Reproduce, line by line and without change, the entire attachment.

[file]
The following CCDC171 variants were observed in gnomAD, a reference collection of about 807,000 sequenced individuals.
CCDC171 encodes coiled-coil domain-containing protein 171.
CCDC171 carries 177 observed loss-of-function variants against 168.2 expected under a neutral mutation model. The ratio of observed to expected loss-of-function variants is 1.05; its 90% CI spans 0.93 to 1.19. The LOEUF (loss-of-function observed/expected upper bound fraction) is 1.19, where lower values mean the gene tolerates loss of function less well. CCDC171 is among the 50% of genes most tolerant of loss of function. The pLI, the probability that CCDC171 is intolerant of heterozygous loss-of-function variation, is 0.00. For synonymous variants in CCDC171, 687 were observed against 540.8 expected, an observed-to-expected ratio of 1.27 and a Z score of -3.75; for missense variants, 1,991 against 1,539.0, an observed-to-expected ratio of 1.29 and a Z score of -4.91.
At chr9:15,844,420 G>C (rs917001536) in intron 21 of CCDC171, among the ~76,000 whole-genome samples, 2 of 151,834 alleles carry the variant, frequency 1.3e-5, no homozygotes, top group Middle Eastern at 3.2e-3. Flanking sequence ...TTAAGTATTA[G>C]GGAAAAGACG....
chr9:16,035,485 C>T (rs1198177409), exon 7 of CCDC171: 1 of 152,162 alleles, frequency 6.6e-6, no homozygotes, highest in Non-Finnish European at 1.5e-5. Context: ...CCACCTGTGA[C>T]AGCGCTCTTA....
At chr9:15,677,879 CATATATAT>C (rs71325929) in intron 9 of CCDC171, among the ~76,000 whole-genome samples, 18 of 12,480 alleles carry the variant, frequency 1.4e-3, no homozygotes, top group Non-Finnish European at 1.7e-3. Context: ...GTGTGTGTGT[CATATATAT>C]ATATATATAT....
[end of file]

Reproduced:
The following CCDC171 variants were observed in gnomAD, a reference collection of about 807,000 sequenced individuals.
CCDC171 encodes coiled-coil domain-containing protein 171.
CCDC171 carries 177 observed loss-of-function variants against 168.2 expected under a neutral mutation model. The ratio of observed to expected loss-of-function variants is 1.05; its 90% CI spans 0.93 to 1.19. The LOEUF (loss-of-function observed/expected upper bound fraction) is 1.19, where lower values mean the gene tolerates loss of function less well. CCDC171 is among the 50% of genes most tolerant of loss of function. The pLI, the probability that CCDC171 is intolerant of heterozygous loss-of-function variation, is 0.00. For synonymous variants in CCDC171, 687 were observed against 540.8 expected, an observed-to-expected ratio of 1.27 and a Z score of -3.75; for missense variants, 1,991 against 1,539.0, an observed-to-expected ratio of 1.29 and a Z score of -4.91.
At chr9:15,844,420 G>C (rs917001536) in intron 21 of CCDC171, among the ~76,000 whole-genome samples, 2 of 151,834 alleles carry the variant, frequency 1.3e-5, no homozygotes, top group Middle Eastern at 3.2e-3. Flanking sequence ...TTAAGTATTA[G>C]GGAAAAGACG....
chr9:16,035,485 C>T (rs1198177409), exon 7 of CCDC171: 1 of 152,162 alleles, frequency 6.6e-6, no homozygotes, highest in Non-Finnish European at 1.5e-5. Context: ...CCACCTGTGA[C>T]AGCGCTCTTA....
At chr9:15,677,879 CATATATAT>C (rs71325929) in intron 9 of CCDC171, among the ~76,000 whole-genome samples, 18 of 12,480 alleles carry the variant, frequency 1.4e-3, no homozygotes, top group Non-Finnish European at 1.7e-3. Context: ...GTGTGTGTGT[CATATATAT>C]ATATATATAT....